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Abusive churches have abusive theology
“But woe to you, scribes and Pharisees, hypocrites! For you lock people out of the kingdom of heaven. For you do not go in yourselves, and when others are going in you stop them. Woe to you, scribes and Pharisees, hypocrites! For you cross sea and land to make a single convert, and you make the new convert twice as much a child of hell as yourselves.
“Woe to you, scribes and Pharisees, hypocrites! For you tithe mint, dill, and cumin and have neglected the weightier matters of the law: justice and mercy and faith. It is these you ought to have practiced without neglecting the others. You blind guides! You strain out a gnat but swallow a camel!
“Woe to you, scribes and Pharisees, hypocrites! For you clean the outside of the cup and of the plate, but inside they are full of greed and self-indulgence. You blind Pharisee! First clean the inside of the cup and of the plate, so that the outside also may become clean.
“Woe to you, scribes and Pharisees, hypocrites! For you are like whitewashed tombs, which on the outside look beautiful but inside are full of the bones of the dead and of all kinds of uncleanness. So you also on the outside look righteous to others, but inside you are full of hypocrisy and lawlessness.—Matthew 23:13-15, 23-28
In the above passage, Jesus laments the hypocrisy and evil of his close friends, the Pharisees. They are hypocritical in their obedience of the law, and their proximity to Jesus makes it painful. I admit that my emotional response to the report about the decades-long abuse in the Southern Baptist Convention has to do with both my Evangelical upbringing and my current proximity to Evangelicals. I think Jesus laments the SBC’s leaders the same way he did the Pharisees and we should do the same.
Again, I was saddened by the report released by a third-party investigator about sexual abuse in the Southern Baptist Church. Secrets, lies, and cover-ups litter the 300-page report. Leaders resisted calls for reform and investigation. They responded to survivors of abuse “time and time again, with resistance, stonewalling, and even outright hostility.” Not only were survivors gaslit, but abusers were also protected by leadership. The patterns of behavior show us systemic patterns of abuse. Theology, polity, and ecclesiology were all weaponized to silence survivors and protect abusers. This is the first major investigation of a Protestant denomination, but it mirrors abuse across Christianity.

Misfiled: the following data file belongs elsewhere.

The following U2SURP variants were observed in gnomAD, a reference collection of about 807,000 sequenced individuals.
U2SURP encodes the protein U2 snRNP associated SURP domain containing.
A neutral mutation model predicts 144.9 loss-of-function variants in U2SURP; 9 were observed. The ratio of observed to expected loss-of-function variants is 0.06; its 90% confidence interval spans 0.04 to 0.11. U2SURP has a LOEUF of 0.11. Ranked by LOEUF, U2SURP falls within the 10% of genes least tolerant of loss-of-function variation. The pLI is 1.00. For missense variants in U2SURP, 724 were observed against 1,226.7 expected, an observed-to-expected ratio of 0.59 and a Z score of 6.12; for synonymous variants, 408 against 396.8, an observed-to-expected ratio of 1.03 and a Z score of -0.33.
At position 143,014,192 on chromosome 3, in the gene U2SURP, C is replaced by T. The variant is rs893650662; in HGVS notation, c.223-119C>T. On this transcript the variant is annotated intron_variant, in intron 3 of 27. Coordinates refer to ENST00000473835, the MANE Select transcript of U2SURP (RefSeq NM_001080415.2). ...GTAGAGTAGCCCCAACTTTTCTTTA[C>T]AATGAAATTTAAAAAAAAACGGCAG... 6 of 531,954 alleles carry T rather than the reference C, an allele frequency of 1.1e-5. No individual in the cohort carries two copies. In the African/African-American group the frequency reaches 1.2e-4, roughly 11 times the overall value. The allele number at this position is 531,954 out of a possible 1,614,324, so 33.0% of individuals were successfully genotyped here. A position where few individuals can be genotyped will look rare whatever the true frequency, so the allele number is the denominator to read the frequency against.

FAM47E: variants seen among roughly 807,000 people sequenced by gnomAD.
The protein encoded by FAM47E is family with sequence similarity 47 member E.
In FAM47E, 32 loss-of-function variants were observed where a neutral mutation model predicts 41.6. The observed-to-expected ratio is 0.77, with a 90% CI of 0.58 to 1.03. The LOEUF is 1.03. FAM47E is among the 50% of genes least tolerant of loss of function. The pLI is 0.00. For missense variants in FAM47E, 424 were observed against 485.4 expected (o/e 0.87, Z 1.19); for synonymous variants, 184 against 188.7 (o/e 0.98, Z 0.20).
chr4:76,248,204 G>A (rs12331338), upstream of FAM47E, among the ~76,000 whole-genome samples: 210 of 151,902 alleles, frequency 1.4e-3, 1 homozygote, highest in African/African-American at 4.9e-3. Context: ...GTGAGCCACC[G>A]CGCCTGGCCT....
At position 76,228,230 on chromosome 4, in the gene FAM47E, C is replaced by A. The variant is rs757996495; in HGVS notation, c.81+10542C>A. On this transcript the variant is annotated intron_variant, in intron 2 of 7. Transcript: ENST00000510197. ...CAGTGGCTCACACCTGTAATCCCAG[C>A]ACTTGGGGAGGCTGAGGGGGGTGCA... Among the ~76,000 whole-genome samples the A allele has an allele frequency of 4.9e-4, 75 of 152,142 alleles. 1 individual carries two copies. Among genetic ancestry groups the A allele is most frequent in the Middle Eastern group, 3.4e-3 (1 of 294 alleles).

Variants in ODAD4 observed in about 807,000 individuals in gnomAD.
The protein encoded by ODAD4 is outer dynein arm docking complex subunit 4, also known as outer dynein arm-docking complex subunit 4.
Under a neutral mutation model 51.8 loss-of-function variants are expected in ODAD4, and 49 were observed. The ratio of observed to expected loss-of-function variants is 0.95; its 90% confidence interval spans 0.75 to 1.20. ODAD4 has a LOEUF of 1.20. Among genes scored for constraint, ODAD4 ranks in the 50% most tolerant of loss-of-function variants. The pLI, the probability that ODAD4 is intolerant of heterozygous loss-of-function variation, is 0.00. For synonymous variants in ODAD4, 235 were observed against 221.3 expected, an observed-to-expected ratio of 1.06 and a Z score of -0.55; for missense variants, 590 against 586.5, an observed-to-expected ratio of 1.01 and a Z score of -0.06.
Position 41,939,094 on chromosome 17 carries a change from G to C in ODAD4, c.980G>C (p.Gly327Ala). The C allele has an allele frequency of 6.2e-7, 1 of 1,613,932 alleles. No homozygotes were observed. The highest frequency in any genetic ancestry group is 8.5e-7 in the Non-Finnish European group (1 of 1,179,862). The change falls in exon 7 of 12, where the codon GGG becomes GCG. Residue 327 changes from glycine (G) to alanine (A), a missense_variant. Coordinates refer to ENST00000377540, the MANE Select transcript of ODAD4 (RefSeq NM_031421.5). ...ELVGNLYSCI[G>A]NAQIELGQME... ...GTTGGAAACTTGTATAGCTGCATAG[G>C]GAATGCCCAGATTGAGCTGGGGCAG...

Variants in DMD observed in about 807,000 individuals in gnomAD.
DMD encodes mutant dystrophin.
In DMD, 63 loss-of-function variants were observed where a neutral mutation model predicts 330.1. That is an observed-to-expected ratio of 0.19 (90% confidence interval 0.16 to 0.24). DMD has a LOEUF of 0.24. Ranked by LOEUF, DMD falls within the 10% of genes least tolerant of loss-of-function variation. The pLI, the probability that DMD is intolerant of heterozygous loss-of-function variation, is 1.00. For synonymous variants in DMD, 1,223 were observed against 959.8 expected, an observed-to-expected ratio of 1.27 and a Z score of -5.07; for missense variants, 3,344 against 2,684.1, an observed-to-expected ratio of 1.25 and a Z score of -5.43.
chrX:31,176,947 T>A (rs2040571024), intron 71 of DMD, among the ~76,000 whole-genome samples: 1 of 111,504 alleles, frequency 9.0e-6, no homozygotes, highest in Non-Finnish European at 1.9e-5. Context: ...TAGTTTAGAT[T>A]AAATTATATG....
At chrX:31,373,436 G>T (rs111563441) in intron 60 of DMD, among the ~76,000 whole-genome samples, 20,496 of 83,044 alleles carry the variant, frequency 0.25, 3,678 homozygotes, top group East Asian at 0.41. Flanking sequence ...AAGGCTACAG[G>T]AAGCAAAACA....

The report is a victory for the Southern Baptists insofar as it addresses two decades of abuse in the denomination. It comes with very good polity recommendations for how to proceed, as well. But I fear it does not address the forces that create abusive environments. It’s essential to address the root causes of sexual assault and abuse and not assume an organizational restructuring alone can help us. That is not to say that new norms, ethics, and structures aren’t necessary to overcome abuse – they absolutely are. But there are theological, doctrinal, and political issues that ripen the environment for abuse. And in my reading of the recommendations to the SBC, I do not see those addressed. The heart of the issue that the SBC suffers from is an inability to empower women. They have codified that prejudice as doctrine, in fact. The SBC has many churches that will not ordain women and that codification of sexist patriarchy lends itself to abuse.
In fact, some people even think the solution to abuse is to further subjugate women and increase the power of men!